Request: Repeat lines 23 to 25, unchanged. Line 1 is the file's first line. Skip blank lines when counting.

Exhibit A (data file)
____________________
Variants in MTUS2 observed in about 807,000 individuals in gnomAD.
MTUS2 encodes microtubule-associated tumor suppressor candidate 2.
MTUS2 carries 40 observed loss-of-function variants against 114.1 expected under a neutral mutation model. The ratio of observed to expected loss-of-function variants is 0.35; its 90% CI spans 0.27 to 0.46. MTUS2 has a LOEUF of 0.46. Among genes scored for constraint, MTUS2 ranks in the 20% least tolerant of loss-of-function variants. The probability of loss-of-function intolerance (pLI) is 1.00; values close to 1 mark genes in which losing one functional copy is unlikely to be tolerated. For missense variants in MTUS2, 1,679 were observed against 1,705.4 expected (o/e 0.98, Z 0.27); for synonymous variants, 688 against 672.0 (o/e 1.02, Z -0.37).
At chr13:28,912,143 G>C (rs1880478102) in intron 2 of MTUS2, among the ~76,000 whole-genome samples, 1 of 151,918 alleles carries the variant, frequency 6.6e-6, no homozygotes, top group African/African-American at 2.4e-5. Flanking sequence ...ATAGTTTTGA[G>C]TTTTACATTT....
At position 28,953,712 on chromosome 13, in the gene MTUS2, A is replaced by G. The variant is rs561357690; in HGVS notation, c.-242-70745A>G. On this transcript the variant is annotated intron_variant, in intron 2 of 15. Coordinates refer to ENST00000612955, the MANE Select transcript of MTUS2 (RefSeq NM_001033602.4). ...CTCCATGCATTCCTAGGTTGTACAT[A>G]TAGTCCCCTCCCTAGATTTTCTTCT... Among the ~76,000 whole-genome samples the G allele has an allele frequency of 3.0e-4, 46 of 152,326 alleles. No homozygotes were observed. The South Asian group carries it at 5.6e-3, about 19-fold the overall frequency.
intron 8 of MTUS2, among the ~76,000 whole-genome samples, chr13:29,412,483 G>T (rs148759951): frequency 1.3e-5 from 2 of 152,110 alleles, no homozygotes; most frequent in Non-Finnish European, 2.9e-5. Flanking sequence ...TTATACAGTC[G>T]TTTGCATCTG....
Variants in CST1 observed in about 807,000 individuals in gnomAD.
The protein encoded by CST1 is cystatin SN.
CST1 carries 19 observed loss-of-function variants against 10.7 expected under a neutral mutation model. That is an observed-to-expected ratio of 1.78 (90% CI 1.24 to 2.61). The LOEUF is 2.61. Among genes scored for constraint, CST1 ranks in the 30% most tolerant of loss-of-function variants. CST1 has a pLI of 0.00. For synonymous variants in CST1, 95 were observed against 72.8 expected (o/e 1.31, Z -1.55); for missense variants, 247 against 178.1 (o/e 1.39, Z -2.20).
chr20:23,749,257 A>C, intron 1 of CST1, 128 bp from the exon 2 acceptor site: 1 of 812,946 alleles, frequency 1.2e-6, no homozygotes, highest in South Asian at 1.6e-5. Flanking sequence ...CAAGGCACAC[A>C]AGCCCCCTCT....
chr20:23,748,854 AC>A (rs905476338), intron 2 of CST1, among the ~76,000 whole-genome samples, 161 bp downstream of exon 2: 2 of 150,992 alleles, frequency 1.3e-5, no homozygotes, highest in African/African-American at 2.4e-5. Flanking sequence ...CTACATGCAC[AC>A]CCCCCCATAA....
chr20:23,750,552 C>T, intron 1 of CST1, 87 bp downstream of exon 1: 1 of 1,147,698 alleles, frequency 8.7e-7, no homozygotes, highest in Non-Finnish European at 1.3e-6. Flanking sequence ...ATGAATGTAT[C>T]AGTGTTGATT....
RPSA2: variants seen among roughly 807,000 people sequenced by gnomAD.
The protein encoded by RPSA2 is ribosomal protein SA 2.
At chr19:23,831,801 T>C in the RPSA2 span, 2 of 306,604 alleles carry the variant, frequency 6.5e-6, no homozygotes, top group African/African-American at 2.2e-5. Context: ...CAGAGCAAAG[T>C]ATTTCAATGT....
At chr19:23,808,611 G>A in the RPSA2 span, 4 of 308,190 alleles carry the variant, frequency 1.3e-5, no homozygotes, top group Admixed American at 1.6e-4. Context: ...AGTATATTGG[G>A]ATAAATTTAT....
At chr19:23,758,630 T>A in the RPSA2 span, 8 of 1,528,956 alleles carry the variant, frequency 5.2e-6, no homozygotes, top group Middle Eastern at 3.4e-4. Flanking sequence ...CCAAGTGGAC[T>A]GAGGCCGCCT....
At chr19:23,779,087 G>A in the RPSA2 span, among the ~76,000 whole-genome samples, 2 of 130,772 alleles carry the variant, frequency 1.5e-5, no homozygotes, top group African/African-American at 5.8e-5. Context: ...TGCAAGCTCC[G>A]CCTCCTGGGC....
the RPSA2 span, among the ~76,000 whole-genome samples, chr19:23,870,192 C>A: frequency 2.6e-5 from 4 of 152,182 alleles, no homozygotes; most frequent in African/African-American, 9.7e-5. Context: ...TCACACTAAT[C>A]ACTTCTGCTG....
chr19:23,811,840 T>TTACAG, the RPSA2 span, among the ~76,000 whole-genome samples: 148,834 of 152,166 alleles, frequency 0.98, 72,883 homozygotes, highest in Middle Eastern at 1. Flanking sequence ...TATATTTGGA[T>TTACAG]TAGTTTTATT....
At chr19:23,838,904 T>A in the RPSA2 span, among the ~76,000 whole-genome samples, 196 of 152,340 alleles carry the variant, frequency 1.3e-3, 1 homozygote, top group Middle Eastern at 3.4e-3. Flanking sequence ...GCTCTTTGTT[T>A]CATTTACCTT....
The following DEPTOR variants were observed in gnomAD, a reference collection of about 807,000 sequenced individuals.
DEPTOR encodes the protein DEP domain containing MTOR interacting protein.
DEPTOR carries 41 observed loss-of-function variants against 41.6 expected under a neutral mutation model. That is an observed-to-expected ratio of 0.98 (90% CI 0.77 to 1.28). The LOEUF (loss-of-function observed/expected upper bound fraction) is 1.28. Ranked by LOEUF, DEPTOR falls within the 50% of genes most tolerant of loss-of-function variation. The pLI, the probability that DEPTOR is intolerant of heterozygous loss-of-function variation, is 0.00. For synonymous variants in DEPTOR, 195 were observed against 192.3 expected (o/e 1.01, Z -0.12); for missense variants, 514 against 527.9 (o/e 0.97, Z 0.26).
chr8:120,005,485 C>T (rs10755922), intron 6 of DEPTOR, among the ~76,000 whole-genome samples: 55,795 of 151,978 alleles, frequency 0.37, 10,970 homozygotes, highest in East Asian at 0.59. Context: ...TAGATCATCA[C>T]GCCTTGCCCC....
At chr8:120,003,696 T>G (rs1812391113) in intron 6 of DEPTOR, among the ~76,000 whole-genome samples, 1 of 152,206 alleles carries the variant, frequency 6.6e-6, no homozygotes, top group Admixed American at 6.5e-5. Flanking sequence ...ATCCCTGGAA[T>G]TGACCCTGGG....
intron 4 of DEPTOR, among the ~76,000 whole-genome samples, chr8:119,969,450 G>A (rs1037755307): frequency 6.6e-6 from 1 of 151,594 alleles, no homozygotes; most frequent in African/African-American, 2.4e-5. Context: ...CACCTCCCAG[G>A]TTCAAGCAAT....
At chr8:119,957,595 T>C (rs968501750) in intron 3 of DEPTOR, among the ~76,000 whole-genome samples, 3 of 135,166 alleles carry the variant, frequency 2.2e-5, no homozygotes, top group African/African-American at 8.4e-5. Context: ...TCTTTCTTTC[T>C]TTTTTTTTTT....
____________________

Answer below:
DEPTOR encodes the protein DEP domain containing MTOR interacting protein.
DEPTOR carries 41 observed loss-of-function variants against 41.6 expected under a neutral mutation model. That is an observed-to-expected ratio of 0.98 (90% CI 0.77 to 1.28). The LOEUF (loss-of-function observed/expected upper bound fraction) is 1.28. Ranked by LOEUF, DEPTOR falls within the 50% of genes most tolerant of loss-of-function variation. The pLI, the probability that DEPTOR is intolerant of heterozygous loss-of-function variation, is 0.00. For synonymous variants in DEPTOR, 195 were observed against 192.3 expected (o/e 1.01, Z -0.12); for missense variants, 514 against 527.9 (o/e 0.97, Z 0.26).
chr8:120,005,485 C>T (rs10755922), intron 6 of DEPTOR, among the ~76,000 whole-genome samples: 55,795 of 151,978 alleles, frequency 0.37, 10,970 homozygotes, highest in East Asian at 0.59. Context: ...TAGATCATCA[C>T]GCCTTGCCCC....